In their narrow-mindedness, vaccination opponents of all shades want to make us believe that they are concerned about our well-being because they know more than we and all the experts (who are of course bought by the pharmaceutical industry). But if you scratch just a little at the surface of their superficiality, it turns out that the exact opposite is true. They are ill-informed and only interested in spreading their hare-brained, misanthropic ideology.
And why do homeopaths do this? There are certainly several reasons. Although Hahnemann himself was impressed by the success of vaccination, which was invented in his time and hailed as a breakthrough, most of his successors soon sided with vaccination critics. Many do so by warning (like our Quak) of side effects, thinking that they are thus protecting their patients. However, they ignore two very important points:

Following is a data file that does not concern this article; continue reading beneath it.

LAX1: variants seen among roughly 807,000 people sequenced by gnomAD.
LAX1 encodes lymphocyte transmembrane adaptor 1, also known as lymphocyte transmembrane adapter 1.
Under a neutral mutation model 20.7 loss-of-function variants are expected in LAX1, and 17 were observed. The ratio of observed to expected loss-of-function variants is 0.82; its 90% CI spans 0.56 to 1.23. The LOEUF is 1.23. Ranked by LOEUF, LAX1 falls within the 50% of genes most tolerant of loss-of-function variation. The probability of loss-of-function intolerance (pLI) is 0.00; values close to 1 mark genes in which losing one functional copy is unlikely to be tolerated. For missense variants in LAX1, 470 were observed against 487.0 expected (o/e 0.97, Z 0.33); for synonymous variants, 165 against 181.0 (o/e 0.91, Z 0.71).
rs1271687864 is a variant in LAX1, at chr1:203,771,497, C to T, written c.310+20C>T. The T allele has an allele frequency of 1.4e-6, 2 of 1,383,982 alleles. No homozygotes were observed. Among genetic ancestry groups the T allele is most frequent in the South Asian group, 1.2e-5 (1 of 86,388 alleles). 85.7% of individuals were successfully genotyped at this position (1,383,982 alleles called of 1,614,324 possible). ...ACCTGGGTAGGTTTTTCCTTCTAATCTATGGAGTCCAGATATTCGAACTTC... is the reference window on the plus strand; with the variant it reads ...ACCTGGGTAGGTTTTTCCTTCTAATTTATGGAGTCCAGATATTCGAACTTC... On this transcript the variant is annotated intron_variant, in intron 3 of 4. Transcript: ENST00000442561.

- Even if the dangers of vaccinations were much greater than they actually are (no one is claiming that they are completely harmless), the benefits would still far outweigh the potential harms.
- If the Quaks (and all the quacks) of this world succeeded in dissuading a sizable percentage of the population from vaccinating and thus save them from the ‘oh-so-dangerous side effects’, they would still be doing a real disservice to public health. With regard to COVID-19, this would mean that the pandemic would remain with us in the long term and cost many more lives.
Whatever the motives of the homeopathic anti-vax brigade, it is certain that their attitude is a threat to our health. This has repeatedly made me state:
The homeopathic pills may be harmless, but unfortunately, the homeopaths are not!
- COVID-19 vaccine availability: what are the side effects? | British Journal of General Practice (bjgp.org) ︎
- Review the safety of Covid-19 mRNA vaccines: a review – PubMed (nih.gov) ︎
- Vaccination Information (doktor-quak.de) ︎